Functions

A function is a set of statements that are executed together when the function is called. Every function has a name, which is used to call the respective function.

A C++ function has two parts:

  • Function declaration
  • Function definition The declaration includes the function’s name, return type, and any parameters.

The definition is the actual body of the function which executes when a function is called. The body of a function is typically enclosed in curly braces.

A function can look like the example below:

#include<iostream>
void hello(); //Function Declaration 

int main(){
    hello(); //Function call
    // Prints Hello!
}

void hello(){ //Function Definition
    std::cout << "Hello!";
}

Parameters

Function parameters are placeholders for values passed to the function. They act as variables inside a function. They are placed in the parantheses in the function declaration, int add(int a, int b).

Consider the example below:

#include<iostream>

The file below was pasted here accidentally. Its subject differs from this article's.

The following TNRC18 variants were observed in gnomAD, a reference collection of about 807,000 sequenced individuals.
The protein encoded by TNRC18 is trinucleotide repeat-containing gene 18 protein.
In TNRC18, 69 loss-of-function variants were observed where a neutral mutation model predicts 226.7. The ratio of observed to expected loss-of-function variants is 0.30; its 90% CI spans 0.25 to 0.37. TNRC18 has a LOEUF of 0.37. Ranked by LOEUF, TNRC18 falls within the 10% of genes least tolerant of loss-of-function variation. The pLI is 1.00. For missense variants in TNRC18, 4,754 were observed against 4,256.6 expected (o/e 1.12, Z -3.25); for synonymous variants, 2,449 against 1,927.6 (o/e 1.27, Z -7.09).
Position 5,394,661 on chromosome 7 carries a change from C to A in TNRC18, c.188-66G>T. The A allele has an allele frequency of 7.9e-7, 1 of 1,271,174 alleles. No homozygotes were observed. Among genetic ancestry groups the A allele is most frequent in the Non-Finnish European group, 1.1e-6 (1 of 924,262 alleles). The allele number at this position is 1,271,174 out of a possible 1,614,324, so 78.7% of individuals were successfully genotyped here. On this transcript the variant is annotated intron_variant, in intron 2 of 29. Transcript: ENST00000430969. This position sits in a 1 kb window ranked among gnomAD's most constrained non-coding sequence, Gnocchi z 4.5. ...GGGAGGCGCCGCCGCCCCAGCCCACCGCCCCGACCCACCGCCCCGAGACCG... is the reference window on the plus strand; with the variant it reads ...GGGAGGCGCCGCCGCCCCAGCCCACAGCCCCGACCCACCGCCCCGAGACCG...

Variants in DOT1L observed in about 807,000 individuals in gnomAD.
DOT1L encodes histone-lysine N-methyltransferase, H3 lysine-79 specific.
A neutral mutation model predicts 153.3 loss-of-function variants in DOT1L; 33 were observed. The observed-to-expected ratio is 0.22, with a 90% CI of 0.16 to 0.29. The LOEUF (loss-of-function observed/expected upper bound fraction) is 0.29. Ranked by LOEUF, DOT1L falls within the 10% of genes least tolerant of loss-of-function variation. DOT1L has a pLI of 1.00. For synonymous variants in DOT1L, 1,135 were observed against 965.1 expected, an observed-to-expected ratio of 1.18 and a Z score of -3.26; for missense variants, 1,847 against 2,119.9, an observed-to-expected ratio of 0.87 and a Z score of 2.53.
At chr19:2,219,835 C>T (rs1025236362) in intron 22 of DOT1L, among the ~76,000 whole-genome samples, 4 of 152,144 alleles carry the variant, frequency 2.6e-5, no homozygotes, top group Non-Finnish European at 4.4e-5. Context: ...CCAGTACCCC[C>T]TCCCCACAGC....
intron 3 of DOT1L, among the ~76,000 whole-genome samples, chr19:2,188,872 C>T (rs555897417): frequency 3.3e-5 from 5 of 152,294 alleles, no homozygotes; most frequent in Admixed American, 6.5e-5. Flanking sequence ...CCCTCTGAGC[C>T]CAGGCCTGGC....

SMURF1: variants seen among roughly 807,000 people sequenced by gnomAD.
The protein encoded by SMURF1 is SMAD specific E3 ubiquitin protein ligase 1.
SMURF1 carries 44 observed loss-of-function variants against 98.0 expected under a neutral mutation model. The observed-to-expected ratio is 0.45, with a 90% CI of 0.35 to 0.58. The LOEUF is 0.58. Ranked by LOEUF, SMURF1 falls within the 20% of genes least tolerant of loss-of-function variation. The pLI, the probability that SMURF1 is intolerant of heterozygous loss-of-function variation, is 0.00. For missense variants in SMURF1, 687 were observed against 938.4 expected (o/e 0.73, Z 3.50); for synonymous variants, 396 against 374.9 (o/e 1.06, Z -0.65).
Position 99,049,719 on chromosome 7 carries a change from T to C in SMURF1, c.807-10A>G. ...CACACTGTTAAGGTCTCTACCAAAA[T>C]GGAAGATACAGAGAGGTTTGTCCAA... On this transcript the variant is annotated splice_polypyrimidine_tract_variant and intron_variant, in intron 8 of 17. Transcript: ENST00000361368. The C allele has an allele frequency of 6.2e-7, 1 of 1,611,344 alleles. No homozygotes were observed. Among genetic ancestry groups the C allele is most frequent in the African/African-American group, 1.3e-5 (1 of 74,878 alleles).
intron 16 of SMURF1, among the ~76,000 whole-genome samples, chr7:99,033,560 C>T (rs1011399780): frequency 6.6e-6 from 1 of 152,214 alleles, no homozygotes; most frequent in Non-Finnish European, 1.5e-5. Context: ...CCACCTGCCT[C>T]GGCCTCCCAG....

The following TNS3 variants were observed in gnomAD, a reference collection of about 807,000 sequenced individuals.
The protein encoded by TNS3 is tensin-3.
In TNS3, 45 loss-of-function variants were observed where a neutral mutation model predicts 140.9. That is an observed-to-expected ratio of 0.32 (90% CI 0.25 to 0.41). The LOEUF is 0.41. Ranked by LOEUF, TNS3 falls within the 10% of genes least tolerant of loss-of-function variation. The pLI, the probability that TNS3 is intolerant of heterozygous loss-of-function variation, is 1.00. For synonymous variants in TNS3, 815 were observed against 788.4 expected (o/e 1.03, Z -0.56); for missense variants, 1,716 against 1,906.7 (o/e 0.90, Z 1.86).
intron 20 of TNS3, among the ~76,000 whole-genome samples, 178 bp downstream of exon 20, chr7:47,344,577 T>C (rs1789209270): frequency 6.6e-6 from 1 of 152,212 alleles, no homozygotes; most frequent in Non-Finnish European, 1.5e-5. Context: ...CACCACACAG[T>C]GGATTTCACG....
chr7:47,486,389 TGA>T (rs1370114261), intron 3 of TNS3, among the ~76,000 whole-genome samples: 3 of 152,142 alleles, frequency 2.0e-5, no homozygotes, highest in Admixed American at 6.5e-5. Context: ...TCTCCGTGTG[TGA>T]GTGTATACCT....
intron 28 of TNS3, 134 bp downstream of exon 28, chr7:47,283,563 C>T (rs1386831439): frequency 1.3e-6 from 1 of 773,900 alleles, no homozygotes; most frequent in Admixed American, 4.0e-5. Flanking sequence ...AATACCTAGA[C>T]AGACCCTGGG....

void print_int(int i);

int main(){
    print_int(10); //Passes the value of 10 to the parameter i
    //Prints 10
}

void print_int(int i){
    std::cout << i;
}

Return Values

A function that returns a value must have a return statement. The data type of the return value also must match the method’s declared return type.

On the other hand, a void function (one that does not return anything) does not require a return statement.

Consider the example below:

int add(int a, int b);

int main(){
   int sum = add(6, 8); // sum = 14
    
}

void add(int a, int b){
    return a+b;
}

Scope

The scope is the region of code that can access or view a given element:

  • Variables defined in global scope are accessible throughout the program.
  • Variables defined in a function have local scope and are only accessible inside the function.
#include <iostream>
 
void print();
 
int i = 10;       // global variable
 
int main() { 
  std::cout << i << "\n"; 
}
 
void print() { 
  int j = 0;      // local variable
  i = 20;
  std::cout << i << "\n"; 
  std::cout << j << "\n";
}